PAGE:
The Warriors opened the season uncertain what they could expect from a forward that has undergone surgery on both hips. Month after month, though, he has done most everything they could have asked. He operates well in their switching defense, is effective in traffic and now he’s blocking shots and raining jumpers. At this rate, the Warriors would be delighted to have him back next season.

3) David West and Jordan Bell are in search of rhythm.

West was reliably excellent, at both ends, prior to missing five games with a cyst on his right arm. Since returning last Friday, there have been visible signs of rust. He’ll be OK in time, but at 37 likely needs another game or two to rediscover his touch.

Bell missed 14 games with a left ankle sprain, returned briefly, sustained a sprain of his right ankle and missed three more games. In the three games since his return, he has yet to look comfortable. It’s not just rust; it’s also the team around him. He’s at his best when supporting the stars. It may take him a while before he shines again.

4) Postseason minutes may be scarce for Nick Young

The Warriors hired Young to score while not embarrassing himself on defense and he has had good moments on both ends. But his inconsistency -- partly attributed to unspectacular conditioning -- grates on coaches and sometimes teammates. As much as he wants to enjoy the postseason, he’s playing his way toward an insignificant role unless injuries dictate otherwise.

Source: Warriors, Curry aiming for Friday return


Source: Warriors, Curry aiming for Friday return

UPDATE (2:25pm PT on Tuesday): The Warriors announced that following an examination by the team's medical staff, Steph Curry has been cleared to participate in full team practices beginning on Wednesday. The goal is for Curry to "play later this week."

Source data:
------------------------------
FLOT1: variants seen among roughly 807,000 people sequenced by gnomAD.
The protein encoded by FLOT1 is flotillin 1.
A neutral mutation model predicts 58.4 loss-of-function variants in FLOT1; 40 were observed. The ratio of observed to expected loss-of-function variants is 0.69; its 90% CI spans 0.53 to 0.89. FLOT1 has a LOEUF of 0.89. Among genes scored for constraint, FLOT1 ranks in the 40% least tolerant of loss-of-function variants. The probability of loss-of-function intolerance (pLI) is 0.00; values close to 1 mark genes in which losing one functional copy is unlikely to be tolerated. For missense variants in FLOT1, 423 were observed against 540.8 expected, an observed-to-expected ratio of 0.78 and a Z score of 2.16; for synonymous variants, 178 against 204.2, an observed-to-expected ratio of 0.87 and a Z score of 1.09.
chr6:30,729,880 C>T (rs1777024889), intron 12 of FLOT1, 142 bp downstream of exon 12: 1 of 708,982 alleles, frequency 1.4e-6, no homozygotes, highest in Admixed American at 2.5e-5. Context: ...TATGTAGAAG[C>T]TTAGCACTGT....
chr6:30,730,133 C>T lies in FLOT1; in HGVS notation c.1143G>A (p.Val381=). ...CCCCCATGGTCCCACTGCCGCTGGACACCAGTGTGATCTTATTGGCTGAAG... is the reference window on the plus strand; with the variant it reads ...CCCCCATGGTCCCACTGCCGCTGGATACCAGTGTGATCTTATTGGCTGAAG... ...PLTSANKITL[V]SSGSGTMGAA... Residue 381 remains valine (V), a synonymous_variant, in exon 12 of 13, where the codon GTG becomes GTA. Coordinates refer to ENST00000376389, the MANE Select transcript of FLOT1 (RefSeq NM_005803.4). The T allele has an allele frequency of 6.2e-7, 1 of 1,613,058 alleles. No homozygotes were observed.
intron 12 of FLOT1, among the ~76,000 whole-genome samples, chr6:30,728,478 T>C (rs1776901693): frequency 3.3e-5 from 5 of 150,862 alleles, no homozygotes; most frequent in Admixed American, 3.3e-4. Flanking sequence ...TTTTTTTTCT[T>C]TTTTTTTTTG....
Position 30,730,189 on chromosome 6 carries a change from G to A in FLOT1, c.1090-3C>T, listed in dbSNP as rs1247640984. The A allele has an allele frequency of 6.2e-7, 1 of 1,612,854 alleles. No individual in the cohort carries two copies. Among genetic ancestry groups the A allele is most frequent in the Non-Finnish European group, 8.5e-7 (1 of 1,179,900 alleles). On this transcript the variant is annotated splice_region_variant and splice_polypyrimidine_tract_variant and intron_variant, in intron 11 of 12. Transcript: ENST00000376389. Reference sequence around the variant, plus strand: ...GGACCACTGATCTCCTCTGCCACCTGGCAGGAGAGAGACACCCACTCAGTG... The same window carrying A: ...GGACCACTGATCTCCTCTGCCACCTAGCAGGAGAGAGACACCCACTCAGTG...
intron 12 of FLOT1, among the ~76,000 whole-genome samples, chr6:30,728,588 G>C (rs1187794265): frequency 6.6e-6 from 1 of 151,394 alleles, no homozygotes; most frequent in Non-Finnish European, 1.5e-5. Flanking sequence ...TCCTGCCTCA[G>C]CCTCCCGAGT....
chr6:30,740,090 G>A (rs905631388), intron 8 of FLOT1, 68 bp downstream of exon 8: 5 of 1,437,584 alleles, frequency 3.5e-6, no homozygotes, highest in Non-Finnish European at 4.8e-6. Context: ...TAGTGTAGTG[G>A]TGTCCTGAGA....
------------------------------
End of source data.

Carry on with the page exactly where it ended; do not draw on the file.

The Warriors return to action Friday when they host the Hawks. They face the Jazz on Sunday in Oakland.


The Warriors have been without Stephen Curry for six full games and all but the first two minutes of a seventh. The last three were less out of medical necessity than an abundance of caution.

Curry could, however, return as soon as Friday when the Atlanta Hawks visit Oracle Arena, multiple sources disclosed to NBC Sports Bay Area on Monday night. ESPN, citing league sources, was first to report the team’s plan.

The two-time MVP’s right ankle is scheduled to be reevaluated Tuesday, after which time a firm return date is expected.

Curry was physically able to play -- and actually pushed to return -- last weekend, according to league sources. But the Warriors, looking ahead to the playoffs and seeing diminished value in the remaining regular-season games, opted to continue rehabilitation in hopes of maximizing support for the area around his ankle.

The Warriors have described Curry’s injury not as a sprain but a “tweak,” implying less severity.

Though the Warriors won the game in which Curry was hurt, 110-107 over the Spurs on March 8, they have since lost four of six, including 89-75 on Monday in San Antonio.

The Warriors arrived early Tuesday morning and won’t practice Tuesday afternoon and are contemplating skipping an official practice on Wednesday.

The Warriors, averaging a league-leading 115.5 points per game this season, saw that figure drop to 103.3 during Curry’s six-game absence.